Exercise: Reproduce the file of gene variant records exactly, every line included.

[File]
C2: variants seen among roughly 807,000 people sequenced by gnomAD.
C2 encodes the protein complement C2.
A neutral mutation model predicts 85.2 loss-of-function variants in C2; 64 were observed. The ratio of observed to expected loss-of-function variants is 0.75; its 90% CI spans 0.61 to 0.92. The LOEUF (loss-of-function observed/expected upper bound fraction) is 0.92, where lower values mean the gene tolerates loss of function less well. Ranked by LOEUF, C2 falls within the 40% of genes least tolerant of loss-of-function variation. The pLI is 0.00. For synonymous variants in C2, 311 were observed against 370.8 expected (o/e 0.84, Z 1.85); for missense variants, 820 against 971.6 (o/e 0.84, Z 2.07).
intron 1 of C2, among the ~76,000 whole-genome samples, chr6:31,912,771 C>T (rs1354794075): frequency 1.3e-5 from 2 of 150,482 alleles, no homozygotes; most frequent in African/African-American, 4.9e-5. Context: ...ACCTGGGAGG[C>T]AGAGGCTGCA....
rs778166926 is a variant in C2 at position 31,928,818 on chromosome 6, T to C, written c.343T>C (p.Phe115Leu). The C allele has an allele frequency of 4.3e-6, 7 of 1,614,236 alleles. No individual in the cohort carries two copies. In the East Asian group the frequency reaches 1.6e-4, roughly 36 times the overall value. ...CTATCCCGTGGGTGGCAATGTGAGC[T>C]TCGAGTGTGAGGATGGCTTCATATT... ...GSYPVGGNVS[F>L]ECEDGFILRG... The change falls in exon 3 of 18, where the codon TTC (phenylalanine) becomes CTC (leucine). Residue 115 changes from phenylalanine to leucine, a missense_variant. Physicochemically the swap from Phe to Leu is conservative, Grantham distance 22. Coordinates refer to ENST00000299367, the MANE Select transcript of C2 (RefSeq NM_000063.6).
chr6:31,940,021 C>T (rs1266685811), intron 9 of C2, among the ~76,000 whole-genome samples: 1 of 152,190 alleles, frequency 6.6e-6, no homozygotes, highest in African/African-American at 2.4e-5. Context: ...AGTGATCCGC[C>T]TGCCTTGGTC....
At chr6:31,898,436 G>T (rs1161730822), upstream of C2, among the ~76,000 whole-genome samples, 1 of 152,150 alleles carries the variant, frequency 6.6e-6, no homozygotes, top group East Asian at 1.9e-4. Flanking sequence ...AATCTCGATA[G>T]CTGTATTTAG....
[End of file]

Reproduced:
C2: variants seen among roughly 807,000 people sequenced by gnomAD.
C2 encodes the protein complement C2.
A neutral mutation model predicts 85.2 loss-of-function variants in C2; 64 were observed. The ratio of observed to expected loss-of-function variants is 0.75; its 90% CI spans 0.61 to 0.92. The LOEUF (loss-of-function observed/expected upper bound fraction) is 0.92, where lower values mean the gene tolerates loss of function less well. Ranked by LOEUF, C2 falls within the 40% of genes least tolerant of loss-of-function variation. The pLI is 0.00. For synonymous variants in C2, 311 were observed against 370.8 expected (o/e 0.84, Z 1.85); for missense variants, 820 against 971.6 (o/e 0.84, Z 2.07).
intron 1 of C2, among the ~76,000 whole-genome samples, chr6:31,912,771 C>T (rs1354794075): frequency 1.3e-5 from 2 of 150,482 alleles, no homozygotes; most frequent in African/African-American, 4.9e-5. Context: ...ACCTGGGAGG[C>T]AGAGGCTGCA....
rs778166926 is a variant in C2 at position 31,928,818 on chromosome 6, T to C, written c.343T>C (p.Phe115Leu). The C allele has an allele frequency of 4.3e-6, 7 of 1,614,236 alleles. No individual in the cohort carries two copies. In the East Asian group the frequency reaches 1.6e-4, roughly 36 times the overall value. ...CTATCCCGTGGGTGGCAATGTGAGC[T>C]TCGAGTGTGAGGATGGCTTCATATT... ...GSYPVGGNVS[F>L]ECEDGFILRG... The change falls in exon 3 of 18, where the codon TTC (phenylalanine) becomes CTC (leucine). Residue 115 changes from phenylalanine to leucine, a missense_variant. Physicochemically the swap from Phe to Leu is conservative, Grantham distance 22. Coordinates refer to ENST00000299367, the MANE Select transcript of C2 (RefSeq NM_000063.6).
chr6:31,940,021 C>T (rs1266685811), intron 9 of C2, among the ~76,000 whole-genome samples: 1 of 152,190 alleles, frequency 6.6e-6, no homozygotes, highest in African/African-American at 2.4e-5. Context: ...AGTGATCCGC[C>T]TGCCTTGGTC....
At chr6:31,898,436 G>T (rs1161730822), upstream of C2, among the ~76,000 whole-genome samples, 1 of 152,150 alleles carries the variant, frequency 6.6e-6, no homozygotes, top group East Asian at 1.9e-4. Flanking sequence ...AATCTCGATA[G>T]CTGTATTTAG....